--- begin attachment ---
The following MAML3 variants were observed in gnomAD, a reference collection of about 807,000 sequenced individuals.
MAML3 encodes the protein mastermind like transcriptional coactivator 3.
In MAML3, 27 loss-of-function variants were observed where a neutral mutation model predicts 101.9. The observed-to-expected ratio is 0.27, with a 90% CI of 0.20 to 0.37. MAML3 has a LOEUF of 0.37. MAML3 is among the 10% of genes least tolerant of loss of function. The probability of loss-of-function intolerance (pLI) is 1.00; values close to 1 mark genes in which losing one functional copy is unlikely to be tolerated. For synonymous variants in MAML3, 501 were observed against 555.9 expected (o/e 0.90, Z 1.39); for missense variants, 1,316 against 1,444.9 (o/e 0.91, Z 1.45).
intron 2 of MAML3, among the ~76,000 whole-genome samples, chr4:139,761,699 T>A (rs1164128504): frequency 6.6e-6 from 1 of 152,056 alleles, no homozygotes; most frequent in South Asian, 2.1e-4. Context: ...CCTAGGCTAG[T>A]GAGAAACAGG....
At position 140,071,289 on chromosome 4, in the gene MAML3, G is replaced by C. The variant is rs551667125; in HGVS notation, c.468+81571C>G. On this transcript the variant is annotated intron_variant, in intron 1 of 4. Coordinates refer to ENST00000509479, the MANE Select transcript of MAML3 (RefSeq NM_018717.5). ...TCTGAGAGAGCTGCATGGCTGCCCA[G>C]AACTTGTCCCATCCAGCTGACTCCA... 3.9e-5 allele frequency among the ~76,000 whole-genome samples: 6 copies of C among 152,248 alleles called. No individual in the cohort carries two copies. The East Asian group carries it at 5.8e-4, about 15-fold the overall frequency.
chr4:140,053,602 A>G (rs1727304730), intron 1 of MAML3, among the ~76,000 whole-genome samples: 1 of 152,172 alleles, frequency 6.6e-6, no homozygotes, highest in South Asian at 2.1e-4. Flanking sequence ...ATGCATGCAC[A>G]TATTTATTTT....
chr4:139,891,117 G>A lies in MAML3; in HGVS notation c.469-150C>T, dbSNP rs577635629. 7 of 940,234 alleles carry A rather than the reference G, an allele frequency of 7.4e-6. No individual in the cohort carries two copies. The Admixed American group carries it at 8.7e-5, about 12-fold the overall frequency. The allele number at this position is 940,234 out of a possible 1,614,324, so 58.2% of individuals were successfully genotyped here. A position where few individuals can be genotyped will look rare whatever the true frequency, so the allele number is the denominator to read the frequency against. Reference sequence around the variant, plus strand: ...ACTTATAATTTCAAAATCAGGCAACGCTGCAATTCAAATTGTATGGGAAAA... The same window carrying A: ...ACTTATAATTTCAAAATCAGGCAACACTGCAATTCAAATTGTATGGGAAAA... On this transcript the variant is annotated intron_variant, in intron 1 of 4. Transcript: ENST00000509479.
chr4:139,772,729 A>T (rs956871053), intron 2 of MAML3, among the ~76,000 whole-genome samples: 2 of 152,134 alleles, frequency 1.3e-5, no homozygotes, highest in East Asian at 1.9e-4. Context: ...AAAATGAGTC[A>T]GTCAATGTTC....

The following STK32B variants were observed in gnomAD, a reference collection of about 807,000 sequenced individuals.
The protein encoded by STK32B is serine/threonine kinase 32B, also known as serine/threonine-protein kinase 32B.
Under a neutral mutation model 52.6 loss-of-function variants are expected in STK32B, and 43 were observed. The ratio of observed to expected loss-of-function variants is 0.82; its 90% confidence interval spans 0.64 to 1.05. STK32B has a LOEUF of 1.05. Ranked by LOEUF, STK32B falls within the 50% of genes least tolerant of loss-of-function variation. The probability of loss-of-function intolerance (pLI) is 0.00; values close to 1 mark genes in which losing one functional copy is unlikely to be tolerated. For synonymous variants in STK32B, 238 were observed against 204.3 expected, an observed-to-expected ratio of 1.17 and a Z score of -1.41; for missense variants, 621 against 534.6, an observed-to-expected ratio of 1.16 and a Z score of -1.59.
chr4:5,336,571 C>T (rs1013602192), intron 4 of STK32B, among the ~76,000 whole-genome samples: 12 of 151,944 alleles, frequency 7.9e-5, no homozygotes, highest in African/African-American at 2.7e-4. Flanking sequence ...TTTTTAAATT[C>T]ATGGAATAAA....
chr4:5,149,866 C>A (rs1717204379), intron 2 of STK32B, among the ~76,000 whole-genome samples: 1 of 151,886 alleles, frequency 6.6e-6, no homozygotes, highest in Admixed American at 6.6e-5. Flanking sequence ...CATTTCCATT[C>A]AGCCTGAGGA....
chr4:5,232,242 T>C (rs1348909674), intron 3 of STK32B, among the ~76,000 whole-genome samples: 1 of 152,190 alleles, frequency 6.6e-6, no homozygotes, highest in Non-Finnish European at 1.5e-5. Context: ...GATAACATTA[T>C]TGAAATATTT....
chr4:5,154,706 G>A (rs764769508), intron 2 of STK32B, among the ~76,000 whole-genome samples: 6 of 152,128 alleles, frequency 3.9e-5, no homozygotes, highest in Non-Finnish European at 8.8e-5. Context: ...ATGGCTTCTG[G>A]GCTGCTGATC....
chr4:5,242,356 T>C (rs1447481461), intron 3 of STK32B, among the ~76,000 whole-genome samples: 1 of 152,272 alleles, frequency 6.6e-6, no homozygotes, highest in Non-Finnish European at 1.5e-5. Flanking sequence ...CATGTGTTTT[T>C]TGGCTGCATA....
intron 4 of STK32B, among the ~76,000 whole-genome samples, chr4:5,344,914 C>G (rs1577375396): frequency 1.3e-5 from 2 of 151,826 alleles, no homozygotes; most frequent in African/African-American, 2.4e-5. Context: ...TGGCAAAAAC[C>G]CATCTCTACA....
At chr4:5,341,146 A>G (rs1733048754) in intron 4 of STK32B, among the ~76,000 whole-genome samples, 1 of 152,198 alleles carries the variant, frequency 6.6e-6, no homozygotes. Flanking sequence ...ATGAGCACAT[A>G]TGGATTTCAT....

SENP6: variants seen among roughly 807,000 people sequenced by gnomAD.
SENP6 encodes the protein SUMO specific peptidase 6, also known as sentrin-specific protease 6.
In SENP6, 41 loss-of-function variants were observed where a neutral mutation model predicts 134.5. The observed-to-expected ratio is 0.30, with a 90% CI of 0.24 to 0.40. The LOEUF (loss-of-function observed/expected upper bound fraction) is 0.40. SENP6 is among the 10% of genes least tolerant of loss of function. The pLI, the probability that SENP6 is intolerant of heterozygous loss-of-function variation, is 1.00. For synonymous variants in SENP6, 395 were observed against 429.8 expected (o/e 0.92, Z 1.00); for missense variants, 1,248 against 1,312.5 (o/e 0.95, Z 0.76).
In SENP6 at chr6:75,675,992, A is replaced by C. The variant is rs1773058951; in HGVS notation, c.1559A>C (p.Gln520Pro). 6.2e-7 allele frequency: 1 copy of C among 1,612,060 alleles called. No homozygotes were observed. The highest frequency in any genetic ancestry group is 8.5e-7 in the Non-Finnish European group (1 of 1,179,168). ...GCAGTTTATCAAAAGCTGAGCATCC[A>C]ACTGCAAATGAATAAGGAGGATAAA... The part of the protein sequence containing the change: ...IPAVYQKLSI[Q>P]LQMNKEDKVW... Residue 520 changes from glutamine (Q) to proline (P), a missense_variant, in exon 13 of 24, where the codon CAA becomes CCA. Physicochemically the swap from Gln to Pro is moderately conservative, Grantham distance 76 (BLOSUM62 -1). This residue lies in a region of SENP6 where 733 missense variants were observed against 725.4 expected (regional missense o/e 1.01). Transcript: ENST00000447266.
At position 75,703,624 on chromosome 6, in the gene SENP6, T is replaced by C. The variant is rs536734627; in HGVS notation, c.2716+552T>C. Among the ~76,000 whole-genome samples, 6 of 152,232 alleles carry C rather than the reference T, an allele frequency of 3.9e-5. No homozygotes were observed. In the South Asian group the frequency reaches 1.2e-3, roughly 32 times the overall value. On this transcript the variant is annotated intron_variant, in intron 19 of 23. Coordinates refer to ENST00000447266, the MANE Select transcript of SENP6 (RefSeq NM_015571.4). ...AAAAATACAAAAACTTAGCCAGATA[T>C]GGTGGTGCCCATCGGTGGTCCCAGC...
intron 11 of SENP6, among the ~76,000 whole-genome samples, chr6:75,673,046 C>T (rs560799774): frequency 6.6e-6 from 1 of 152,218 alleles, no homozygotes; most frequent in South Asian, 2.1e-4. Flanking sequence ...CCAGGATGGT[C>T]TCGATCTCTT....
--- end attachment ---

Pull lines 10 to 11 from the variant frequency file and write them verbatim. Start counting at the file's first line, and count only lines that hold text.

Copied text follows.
The protein encoded by STK32B is serine/threonine kinase 32B, also known as serine/threonine-protein kinase 32B.
Under a neutral mutation model 52.6 loss-of-function variants are expected in STK32B, and 43 were observed. The ratio of observed to expected loss-of-function variants is 0.82; its 90% confidence interval spans 0.64 to 1.05. STK32B has a LOEUF of 1.05. Ranked by LOEUF, STK32B falls within the 50% of genes least tolerant of loss-of-function variation. The probability of loss-of-function intolerance (pLI) is 0.00; values close to 1 mark genes in which losing one functional copy is unlikely to be tolerated. For synonymous variants in STK32B, 238 were observed against 204.3 expected, an observed-to-expected ratio of 1.17 and a Z score of -1.41; for missense variants, 621 against 534.6, an observed-to-expected ratio of 1.16 and a Z score of -1.59.